INDIA'S FORGOTTEN WAR – blogging naxalism.

Operation ‘Peace Hunt’ and the Dirty War

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Much has been written about the Maoists’ daring strike on the Eastern Frontier Rifles camp in West Bengal. 24 paramilitary police were killed in the raid. The international press has provided extensive coverage. Examples can be found here and here.Not only does this again demonstrate the increasing attention that the global media is paying to the insurgency, but it also reflects the sheer audaciousness of the attack.

It was a calculated attack- a response to Operation Green Hunt. The tactics fell very much into the approach taken by Kishenji, one of the Maoists military leaders (see my previous post). As he stated in the inevitable post-attack press conference:

“We are calling it ‘Peace Hunt,’ ” he said, according to the Hindustan Times. “This is our reply to the anti-Naxalite operation the union government has launched.”

Kishenji once again, made a brilliant rhetorical point. In one action, he demonstrated to the government that it remains the Maoists who determine when and where they will fight. Every action against them will be met with greater response.

Is this, however, only smoke and mirrors?  Undoubtedly, Kishenji is a brilliant PR man who would, in different circumstances, have had a great career in advertising. Is it  possible that the  rebels are terrified of Operation Green Hunt? It’s difficult to tell. Within days of the attack, Kishenji proposed a 72 day ceasefire with the government. While his proposal has descended into the farcical, it remains an open question of what this all means.

Did the attack and the subsequent call for a temporary truce suggest that the Maoists are weak and need time to regroup, much as they did during the abortive negotiations with the Andhra Pradesh government in 2004? Or, rather, is it a cynical strategy in which the Maoists will leverage their military strength in tandem with a push for increased popular support showing themselves as the more reasonable party?

It’s impossible to say, but it seems to me that it might be neither. The Naxalite leadership is tactically diverse and decentralised. It seems that there are now serious divisions between Kishenji, on the one hand, and others  who are pushing for a more conciliatory stance:

While Kishanji — the military strategist responsible for brutal killings in Bengal — insists on a showdown with the state forces, another powerful section of the CPI (Maoist) central committee, led by Gopinathji alias Durga Hembram, wants talks at the earliest.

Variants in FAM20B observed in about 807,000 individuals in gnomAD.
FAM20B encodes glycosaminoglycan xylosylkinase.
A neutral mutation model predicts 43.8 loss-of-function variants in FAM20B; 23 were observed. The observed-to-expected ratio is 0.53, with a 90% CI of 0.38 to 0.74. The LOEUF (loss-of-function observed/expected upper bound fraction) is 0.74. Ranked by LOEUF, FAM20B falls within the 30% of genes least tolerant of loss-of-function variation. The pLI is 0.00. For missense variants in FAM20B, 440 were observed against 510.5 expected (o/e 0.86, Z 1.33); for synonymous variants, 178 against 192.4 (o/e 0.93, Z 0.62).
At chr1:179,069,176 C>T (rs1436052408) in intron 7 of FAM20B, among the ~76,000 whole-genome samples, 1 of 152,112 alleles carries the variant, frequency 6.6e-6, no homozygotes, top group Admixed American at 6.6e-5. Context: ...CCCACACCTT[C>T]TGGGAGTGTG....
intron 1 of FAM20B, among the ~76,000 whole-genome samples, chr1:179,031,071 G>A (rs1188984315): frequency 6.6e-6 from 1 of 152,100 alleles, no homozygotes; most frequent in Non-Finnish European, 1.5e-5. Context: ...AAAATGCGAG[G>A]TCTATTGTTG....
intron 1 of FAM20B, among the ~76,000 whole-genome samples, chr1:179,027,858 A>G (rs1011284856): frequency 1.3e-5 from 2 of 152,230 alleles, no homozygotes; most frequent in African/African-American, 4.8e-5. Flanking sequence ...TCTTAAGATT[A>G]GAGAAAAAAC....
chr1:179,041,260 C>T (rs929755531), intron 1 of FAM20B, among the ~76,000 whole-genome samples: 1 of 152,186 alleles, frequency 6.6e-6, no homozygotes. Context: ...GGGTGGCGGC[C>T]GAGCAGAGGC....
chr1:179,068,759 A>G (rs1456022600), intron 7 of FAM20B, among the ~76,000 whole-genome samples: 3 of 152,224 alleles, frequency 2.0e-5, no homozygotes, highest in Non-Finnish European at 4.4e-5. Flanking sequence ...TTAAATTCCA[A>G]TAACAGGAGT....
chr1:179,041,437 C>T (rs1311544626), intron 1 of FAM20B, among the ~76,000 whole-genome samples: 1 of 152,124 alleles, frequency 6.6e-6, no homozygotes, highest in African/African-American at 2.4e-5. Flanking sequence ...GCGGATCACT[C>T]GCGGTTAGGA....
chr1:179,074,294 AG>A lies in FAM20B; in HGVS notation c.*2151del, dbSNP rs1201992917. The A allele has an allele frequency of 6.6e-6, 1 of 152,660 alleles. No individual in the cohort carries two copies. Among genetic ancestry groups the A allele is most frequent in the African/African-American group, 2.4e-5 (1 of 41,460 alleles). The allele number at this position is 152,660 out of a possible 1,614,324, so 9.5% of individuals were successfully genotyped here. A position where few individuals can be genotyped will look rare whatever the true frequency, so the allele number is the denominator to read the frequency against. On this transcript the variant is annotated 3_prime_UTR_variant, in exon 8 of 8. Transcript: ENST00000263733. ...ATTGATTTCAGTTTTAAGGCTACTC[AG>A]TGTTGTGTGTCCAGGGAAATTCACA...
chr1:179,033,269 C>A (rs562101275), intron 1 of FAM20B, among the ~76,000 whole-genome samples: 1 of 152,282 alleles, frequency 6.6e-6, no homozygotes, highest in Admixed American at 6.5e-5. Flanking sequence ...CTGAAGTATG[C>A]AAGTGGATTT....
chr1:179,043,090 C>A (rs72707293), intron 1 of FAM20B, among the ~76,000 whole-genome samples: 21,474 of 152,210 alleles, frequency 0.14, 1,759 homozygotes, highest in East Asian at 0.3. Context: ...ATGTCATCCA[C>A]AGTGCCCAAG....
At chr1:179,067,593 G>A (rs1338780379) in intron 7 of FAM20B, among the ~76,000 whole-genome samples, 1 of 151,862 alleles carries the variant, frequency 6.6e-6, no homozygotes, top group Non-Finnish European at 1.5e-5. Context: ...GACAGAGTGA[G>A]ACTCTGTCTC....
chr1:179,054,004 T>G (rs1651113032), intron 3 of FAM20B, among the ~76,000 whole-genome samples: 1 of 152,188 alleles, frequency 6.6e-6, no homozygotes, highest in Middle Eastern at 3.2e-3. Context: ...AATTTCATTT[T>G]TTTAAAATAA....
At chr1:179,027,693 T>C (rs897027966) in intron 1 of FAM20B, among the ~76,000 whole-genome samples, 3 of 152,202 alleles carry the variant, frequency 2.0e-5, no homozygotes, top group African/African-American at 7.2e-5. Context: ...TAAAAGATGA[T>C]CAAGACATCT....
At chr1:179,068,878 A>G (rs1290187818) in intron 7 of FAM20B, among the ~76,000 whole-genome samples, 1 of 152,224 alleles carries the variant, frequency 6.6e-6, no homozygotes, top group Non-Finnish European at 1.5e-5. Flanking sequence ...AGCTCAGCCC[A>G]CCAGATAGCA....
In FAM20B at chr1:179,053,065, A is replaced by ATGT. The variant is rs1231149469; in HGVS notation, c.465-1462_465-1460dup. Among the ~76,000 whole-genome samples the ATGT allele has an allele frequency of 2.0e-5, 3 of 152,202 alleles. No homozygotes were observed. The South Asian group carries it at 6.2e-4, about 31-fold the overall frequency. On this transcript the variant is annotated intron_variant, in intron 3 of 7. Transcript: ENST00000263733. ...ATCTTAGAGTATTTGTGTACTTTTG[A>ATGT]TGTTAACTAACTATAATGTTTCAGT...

Internal debate seems to me a more plausible explanation for the schizophrenic lurch between the attack on the Eastern Frontier Rifles and the subsequent offer of a truce. And, if this is the case, a disunited Maoist Central Committee presents numerous opportunities for the government if they are clever enough to use them. Alas, this does not seem to be the case.

In light of the massacre of the 24 paramilitary policemen, the war in West Bengal seems to be taking a turn for the worse. While the war against the Naxalites has never been entirely ‘clean’, it has avoided the institutionalised excesses and state abuses that have happened in Kashmir. That may be beginning to change:

A policeman admitted that post-Shilda, they had unofficial instructions that if they caught a hardcore Maoist deep in a forest or a secluded spot, they should not take the trouble of bringing him back to the camp. “No one wants to talk about it, but the thinking now is not to have any mercy on those who commit such heinous crimes as killing innocent cops,” an officer said.

It seems that this ‘strategy’ has already claimed its first high-profile victim:

The president of the People’s Committee Against Police Atrocities (PCPA), the Maoist-backed tribal resistance group based in Lalgarh, was killed last night in what police claimed was “retaliatory fire” after guerrillas attacked a CRPF camp here.

If this is, in fact, an unofficial policy in West Bank Bengal (heh), it is madness and completely contrary to the waging of any form of ‘smart’ counterinsurgency. It will cement the unity of the Maoist leadership, eliminate the incentive for the surrender of fighters and inevitably antagonise the local population.

Kishenji must be pleased with the results of Operation Peace Hunt.

UPDATE: There has been some debate about the giving Rao the honorific of ‘ji’. I’m sticking with Kishenji only because it is the convention. The Caluctta Telegraph has been notable in referring to him as Kishen. However, I have neither the reach nor the ambition of the Telegraph and will continue to stick with his most recognisable name.

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